China's Liaoning aircraft carrier with accompanying fleet. Photo: Reuters
China's Liaoning aircraft carrier with accompanying fleet. Photo: Reuters

Many people in America and around the world may disapprove of Donald Trump’s posture on a wide range of domestic and foreign issues, but perhaps few can disagree with his view on China’s military posturing in the South China Sea.

Tweeting on December 4, the then president-elect accused China of building “a massive military complex in the middle of the South China Sea.”

In a recent interview with Reuters, not only did he reiterate Chinese militarization in the area, but also criticized his predecessor for allowing such an activity to happen. He told the international news agency, “Many things took place [under the Obama administration] that should not have been allowed. One of them is [Beijing’s] building of a massive, massive military complex in the middle of the South China Sea.”

His comments are endorsed and expanded by many of his top aides.

During his Senate confirmation hearing last month, Rex Tillerson, Mr Trump’s secretary of state nominee, likened Beijing’s construction and militarization of islands in the area to Russia’s 2014 annexation of Ukraine’s Crimea and called China’s territorial and military expansion illegal and “extremely worrisome.” The former ExxonMobil boss added that the Obama government had failed to deal with the problem, saying such a failure “has allowed [China] to just keep pushing the envelope on this.”

Last November, two key Trump advisors, Alexander Gray and Peter Navarro, pointed out that China has built massive artificial islands in the South China Sea “with very limited American response.” They also accused the Obama administration of “pointedly” refusing to intervene in 2012 when China “brazenly” seized the Philippines’ Scarborough Shoal.

At a security forum in 2015, Admiral Harry Harris noted: “While Vietnam, Malaysia, the Philippines and Taiwan have also conducted land reclamation in the South China Sea, their total — approximately 100 acres over 45 years — is dwarfed by the size, scope and scale of China’s massive buildup.”

According to the commander of US Pacific Command, “in only 18 months, China has reclaimed almost 3,000 acres.”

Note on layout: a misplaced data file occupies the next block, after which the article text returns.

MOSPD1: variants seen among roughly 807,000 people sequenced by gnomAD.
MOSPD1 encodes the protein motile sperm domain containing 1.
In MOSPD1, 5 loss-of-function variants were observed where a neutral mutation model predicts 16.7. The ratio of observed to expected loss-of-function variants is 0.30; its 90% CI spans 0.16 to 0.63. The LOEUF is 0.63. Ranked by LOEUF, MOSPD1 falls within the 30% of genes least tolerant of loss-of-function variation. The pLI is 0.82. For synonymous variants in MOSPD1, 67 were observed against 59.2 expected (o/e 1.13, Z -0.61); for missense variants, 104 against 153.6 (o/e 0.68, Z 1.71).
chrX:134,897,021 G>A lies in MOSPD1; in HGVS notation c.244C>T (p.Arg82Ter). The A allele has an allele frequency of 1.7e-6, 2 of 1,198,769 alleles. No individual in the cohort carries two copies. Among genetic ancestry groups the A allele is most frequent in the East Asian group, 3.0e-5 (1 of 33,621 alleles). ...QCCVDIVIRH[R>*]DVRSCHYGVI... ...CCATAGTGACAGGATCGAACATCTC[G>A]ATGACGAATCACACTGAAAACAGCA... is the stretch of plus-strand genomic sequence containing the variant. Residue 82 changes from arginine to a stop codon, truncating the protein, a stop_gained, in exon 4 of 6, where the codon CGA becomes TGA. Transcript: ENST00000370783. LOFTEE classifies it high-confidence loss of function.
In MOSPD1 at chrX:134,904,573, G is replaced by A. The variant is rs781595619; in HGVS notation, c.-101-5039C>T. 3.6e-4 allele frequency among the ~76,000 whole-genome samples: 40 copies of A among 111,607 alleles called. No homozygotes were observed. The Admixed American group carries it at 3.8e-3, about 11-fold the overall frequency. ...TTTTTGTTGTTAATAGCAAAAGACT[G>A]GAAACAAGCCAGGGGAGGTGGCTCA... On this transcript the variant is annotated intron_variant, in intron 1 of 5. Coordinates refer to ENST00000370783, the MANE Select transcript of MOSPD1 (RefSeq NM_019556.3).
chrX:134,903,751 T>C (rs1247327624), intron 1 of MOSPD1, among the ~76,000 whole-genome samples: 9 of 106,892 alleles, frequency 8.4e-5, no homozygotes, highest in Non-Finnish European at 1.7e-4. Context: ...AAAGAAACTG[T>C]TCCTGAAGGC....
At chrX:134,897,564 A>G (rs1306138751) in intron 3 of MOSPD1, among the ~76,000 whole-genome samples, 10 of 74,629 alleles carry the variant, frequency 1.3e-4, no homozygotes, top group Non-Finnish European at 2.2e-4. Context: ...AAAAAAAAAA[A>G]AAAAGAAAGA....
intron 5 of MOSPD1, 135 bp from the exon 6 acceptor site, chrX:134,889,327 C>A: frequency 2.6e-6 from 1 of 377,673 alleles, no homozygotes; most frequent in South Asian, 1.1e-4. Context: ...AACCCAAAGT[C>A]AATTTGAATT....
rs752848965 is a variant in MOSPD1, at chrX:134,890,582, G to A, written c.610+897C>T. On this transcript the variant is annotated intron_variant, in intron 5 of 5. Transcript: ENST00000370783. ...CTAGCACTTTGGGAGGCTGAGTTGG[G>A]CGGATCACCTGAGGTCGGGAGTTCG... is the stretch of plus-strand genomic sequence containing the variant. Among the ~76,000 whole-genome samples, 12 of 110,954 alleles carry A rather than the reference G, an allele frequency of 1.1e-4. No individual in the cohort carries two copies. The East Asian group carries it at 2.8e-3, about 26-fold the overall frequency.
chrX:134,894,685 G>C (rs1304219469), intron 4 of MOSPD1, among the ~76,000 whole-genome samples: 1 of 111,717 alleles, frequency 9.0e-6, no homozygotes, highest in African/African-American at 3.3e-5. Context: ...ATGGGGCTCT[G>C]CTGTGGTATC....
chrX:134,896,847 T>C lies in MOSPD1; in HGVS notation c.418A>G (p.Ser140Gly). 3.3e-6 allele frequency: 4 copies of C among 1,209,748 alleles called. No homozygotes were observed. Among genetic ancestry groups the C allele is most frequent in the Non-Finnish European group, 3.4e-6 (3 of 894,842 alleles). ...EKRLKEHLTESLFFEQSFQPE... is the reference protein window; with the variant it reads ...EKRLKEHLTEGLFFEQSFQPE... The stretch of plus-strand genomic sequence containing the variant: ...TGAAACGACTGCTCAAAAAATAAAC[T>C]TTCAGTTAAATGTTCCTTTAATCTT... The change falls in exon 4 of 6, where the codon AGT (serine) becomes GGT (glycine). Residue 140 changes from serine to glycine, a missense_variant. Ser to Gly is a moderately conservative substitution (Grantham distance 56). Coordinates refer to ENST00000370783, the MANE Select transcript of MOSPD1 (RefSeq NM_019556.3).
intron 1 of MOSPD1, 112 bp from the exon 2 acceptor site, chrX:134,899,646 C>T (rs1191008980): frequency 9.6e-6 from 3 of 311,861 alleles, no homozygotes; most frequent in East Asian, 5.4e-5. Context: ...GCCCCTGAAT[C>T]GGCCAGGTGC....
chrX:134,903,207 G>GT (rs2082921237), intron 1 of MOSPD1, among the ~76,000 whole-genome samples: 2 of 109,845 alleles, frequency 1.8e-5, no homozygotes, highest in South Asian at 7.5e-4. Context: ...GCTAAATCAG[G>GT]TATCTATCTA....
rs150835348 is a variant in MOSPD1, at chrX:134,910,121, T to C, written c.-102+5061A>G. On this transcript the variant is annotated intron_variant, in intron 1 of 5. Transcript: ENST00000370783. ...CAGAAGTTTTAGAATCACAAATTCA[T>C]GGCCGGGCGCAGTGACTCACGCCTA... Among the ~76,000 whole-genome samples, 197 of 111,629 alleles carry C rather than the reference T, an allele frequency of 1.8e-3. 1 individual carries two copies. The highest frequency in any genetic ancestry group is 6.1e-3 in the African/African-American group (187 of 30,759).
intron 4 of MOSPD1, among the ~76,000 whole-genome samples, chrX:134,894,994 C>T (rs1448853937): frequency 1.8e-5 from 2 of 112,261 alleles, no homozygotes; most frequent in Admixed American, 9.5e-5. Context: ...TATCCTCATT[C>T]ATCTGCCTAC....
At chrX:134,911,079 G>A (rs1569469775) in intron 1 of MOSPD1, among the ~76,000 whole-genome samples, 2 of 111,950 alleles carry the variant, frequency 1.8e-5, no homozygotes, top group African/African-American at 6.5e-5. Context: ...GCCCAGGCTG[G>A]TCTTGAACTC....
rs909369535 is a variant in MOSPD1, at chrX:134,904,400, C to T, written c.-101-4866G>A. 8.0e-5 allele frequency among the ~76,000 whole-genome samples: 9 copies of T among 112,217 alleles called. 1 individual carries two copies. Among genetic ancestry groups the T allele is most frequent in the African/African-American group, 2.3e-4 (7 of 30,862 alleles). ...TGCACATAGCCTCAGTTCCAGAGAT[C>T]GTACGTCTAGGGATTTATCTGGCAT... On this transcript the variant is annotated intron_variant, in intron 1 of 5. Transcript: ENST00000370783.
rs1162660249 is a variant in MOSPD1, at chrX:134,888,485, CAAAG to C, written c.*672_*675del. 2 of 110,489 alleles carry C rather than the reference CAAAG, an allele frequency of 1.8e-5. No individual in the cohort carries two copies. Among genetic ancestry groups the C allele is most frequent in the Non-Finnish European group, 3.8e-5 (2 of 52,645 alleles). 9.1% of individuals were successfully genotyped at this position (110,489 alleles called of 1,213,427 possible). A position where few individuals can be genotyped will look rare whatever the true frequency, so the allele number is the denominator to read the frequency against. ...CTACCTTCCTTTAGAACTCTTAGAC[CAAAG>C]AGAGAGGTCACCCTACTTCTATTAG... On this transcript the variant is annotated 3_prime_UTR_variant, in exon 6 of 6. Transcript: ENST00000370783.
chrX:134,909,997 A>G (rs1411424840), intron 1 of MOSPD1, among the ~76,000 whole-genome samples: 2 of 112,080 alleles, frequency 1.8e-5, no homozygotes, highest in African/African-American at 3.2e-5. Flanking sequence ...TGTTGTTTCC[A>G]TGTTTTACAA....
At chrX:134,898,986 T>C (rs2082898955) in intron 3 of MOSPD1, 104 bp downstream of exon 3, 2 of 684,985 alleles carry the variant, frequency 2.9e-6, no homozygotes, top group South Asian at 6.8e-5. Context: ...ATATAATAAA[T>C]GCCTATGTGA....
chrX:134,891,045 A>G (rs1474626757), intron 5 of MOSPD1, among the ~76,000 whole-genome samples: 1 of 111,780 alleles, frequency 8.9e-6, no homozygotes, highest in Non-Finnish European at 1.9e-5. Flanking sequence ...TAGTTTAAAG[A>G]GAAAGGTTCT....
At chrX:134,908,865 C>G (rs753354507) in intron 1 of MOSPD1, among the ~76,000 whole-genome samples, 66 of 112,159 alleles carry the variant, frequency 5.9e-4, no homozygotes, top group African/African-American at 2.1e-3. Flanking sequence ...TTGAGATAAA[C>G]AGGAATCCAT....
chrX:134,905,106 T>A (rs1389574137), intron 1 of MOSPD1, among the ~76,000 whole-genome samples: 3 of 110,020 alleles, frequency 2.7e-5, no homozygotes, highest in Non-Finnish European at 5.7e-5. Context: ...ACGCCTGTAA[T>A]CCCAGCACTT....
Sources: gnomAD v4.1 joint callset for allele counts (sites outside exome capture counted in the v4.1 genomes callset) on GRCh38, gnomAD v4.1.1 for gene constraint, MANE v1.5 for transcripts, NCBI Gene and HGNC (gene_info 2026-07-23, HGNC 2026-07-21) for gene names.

Subi Reef

The extent and gravity of China’s expansionism has been recently raised by two unnamed US officials, who told Reuters that Beijing has nearly finished building almost two dozen structures on artificial islands in the South China Sea apparently intended to house surface-to-air missiles.

China always vehemently rejects any criticism of its behavior – stating that it has “indisputable sovereignty over the South China Sea islands and the adjacent waters”; that its construction activities are “normal” and that its deployment of defense facilities is “necessary” and “appropriate,” or that what it is doing in the area is only “exercising a right bestowed by international law to sovereign states.”

But it hardly seems to convince anybody.

study by the Washington-based Center for Strategic and Budgetary Assessments and Australia’s Strategic Forum, published late last year, underlined China’s increased expansion and militarization in the South China Sea, especially since Xi Jinping came to power in 2012.

According to the study, by pushing “through boundaries of international law and norms of international behavior, and [taking] much higher risks than its Western counterparts,” the Asian power is “now close to claiming effective sovereignty over” the strategic waterway and has installed “military facilities on several newly created islands” in the area.

Moreover, to “prepare the global space for [its territorial and military] expansionism,” the communist-ruled country, described as “a rising revisionist state” by this joint research, has carried out “an extensive program of psychological warfare.”

Mischief Reef

In July 2016, a United Nations Convention on the Law of the Sea (UNCLOS) tribunal ruled that China’s  historical claims to waters within its so-called “nine-dash line,” which covers most of the South China Sea, has “no legal basis” in international law.